I think it’s pretty obvious that I am open about my life with Crohn’s disease. I am happy to tell anyone who will listen about my symptoms, the hard times, the good times, and the constant fear that the hard times will return. I’ll tell you about my days with 20+ bathroom trips, the frantic ER visits, and the crippling digestive pain.
After nearly 9 years and a lot of practice, I can pretty succinctly answer the question, “Crohn’s disease? What’s that?” I have my talking points down. I usually start with, “It’s an autoimmune disease that causes my digestive system to attack itself. I have a hard time absorbing nutrients from food, so I’m often malnourished, weak, and fatigued. It causes plenty of digestive symptoms too! Because of my Crohn’s, I have to take a medication that suppresses my immune system. So, my body doesn’t attack itself, but it also has a hard time fighting any bug I might catch.”
Generally, people respond by asking questions or saying something like, “Oh, I think my nephew has Crohn’s!” We don’t spend a lot of time talking about the whole bathroom thing unless they ask about it.
But let’s face it: when you have IBD, you often spend a lot of time in the bathroom. And for many of us, those symptoms are the first signs that something is wrong and the reason we sought medical treatment in the first place. I remember the crippling stomach pain, the constant trips to the bathroom, and the horror of finding blood in the toilet all too well.
So when I was first diagnosed, my answer sounded more like this. “Oh, ulcerative colitis?” (Remember, that was my initial diagnosis!) “Well, it’s this disease in my digestive system. I have lots of digestive issues.”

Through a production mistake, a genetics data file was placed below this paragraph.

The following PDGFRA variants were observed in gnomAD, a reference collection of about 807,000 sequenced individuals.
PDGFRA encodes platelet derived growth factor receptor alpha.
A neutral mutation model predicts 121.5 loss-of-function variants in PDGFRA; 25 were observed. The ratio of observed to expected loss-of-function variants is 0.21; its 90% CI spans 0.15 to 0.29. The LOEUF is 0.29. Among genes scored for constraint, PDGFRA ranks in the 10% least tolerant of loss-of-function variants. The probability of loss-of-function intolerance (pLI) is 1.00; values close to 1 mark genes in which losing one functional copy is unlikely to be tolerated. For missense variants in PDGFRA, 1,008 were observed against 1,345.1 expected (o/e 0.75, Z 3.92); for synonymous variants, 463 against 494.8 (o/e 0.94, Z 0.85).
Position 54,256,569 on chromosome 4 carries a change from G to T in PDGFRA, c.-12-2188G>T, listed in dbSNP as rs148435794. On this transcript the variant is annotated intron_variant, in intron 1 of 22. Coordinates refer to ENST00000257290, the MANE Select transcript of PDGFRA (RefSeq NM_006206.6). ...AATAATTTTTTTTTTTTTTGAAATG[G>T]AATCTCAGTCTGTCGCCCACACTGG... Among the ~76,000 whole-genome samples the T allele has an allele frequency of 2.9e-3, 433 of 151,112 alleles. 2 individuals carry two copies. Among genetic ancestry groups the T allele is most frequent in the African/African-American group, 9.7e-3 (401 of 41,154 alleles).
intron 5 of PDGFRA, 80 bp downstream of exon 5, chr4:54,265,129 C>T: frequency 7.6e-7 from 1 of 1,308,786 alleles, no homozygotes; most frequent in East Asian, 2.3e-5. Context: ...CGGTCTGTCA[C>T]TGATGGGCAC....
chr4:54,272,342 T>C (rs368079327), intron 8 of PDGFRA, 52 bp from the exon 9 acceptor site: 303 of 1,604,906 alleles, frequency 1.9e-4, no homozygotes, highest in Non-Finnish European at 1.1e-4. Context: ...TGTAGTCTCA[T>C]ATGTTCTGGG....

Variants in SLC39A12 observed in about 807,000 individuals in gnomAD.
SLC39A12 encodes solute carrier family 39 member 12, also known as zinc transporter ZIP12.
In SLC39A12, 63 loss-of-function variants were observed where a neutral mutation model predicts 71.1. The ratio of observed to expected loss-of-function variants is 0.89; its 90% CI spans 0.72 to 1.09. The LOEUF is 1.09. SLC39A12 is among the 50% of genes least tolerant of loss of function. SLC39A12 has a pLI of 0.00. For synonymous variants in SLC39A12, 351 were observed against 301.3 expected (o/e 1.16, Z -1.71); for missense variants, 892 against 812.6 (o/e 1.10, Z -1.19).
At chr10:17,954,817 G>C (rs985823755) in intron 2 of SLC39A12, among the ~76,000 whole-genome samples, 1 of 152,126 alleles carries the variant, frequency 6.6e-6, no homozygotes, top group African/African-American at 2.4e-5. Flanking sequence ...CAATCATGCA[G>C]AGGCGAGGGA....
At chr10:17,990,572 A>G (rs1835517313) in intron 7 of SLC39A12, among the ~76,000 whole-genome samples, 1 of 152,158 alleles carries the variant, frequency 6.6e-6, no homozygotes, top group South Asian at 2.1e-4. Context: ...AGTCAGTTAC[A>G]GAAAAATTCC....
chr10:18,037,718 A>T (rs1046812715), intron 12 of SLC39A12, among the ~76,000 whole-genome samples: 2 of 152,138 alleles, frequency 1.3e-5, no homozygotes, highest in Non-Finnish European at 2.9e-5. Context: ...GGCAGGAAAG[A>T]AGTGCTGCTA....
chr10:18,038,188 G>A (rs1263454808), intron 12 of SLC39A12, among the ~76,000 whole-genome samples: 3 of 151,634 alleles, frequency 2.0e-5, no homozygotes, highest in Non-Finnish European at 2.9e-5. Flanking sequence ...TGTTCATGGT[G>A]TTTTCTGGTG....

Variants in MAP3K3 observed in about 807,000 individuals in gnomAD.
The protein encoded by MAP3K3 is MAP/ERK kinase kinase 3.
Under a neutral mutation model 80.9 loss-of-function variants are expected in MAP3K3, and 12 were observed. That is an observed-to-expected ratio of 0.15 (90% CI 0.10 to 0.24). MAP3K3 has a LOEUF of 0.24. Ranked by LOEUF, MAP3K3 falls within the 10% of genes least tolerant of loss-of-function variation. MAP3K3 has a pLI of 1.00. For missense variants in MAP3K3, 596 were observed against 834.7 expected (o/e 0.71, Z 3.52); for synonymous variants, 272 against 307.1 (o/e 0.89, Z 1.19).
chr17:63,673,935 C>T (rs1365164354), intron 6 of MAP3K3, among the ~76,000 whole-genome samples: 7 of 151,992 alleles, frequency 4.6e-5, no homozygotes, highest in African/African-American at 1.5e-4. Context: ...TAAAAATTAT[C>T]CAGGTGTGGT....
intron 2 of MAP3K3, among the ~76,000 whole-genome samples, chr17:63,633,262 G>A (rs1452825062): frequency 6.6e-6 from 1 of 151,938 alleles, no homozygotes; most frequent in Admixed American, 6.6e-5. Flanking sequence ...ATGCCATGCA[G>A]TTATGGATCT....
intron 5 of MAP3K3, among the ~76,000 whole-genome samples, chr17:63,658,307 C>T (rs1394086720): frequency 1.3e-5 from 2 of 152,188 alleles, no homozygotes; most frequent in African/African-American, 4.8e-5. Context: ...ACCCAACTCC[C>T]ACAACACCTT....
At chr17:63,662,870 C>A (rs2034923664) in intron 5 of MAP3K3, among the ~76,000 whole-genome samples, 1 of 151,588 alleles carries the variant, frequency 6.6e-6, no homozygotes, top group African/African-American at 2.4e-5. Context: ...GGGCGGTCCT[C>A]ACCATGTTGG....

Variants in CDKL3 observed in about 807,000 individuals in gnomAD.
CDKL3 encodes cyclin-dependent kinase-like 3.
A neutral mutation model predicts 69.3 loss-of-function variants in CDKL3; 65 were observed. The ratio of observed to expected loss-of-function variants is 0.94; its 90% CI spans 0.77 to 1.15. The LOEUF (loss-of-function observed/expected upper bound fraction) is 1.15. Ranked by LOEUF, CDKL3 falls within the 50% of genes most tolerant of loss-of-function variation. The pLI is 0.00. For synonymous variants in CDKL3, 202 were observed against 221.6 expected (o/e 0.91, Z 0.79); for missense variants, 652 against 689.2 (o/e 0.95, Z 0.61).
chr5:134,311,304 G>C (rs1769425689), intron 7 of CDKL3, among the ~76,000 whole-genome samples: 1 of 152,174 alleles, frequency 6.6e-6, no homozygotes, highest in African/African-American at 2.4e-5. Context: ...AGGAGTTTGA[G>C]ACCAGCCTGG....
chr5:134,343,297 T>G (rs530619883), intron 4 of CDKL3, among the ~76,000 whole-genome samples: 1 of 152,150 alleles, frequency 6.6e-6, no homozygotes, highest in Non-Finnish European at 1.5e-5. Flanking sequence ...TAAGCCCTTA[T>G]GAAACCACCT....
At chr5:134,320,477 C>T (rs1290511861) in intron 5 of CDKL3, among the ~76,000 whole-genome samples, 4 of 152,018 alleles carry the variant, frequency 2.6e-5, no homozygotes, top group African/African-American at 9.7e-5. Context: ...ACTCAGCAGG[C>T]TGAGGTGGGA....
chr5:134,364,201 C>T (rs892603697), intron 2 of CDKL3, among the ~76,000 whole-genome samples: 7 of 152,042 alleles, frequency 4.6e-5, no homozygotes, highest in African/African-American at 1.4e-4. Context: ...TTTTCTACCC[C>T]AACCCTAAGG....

And because the way I explained my disease was different, so were the responses. I’d get responses more like, “Oh yeah! I totally ate Taco Bell last week and spent the whole night in the bathroom. I feel you.”
I would get SO very angry.
But I don’t have nasty friends. I wasn’t opening up about my disease to a bunch of jerks. While I couldn’t see it at the time, no one meant to belittle my disease or make it seem like IBD is the same as a night of having the runs.
They were just looking for a way to relate to me and trying to understand.
It’s likely that my friends meant to sympathize with me, understand me, and console me. They were doing it in the best possible way they knew how, with the limited information they had about my disease. Because IBD isn’t “trendy” and not everyone has heard of Crohn’s disease and ulcerative colitis, maybe all they knew was what I told them. As a reminder, I told them, “I have a digestive disease.”
Back then, when someone made a comment like that, I just raged in silence. Now, I try to gently explain that it’s not really the same thing. “Yeah, I’ve had that too, but not related to my Crohn’s! When I’m flaring, I often have to get out of the shower five or six times to use the bathroom… if I even have the energy to shower. No matter what I eat, it doesn’t sit well, and the pain leaves me curled up in a little ball, afraid to move.”
Usually their eyes widen a bit, and I like to think they understand more than they did.
Call me crazy. Call me a hopeless optimist. Call me whatever you want. But I think most people really mean well. We’ve all had those moments where we’ve totally stuck our foot in our mouth, right?
Ever say something you really wish you could take back? If you have IBD, do you have a standard answer to explain your disease?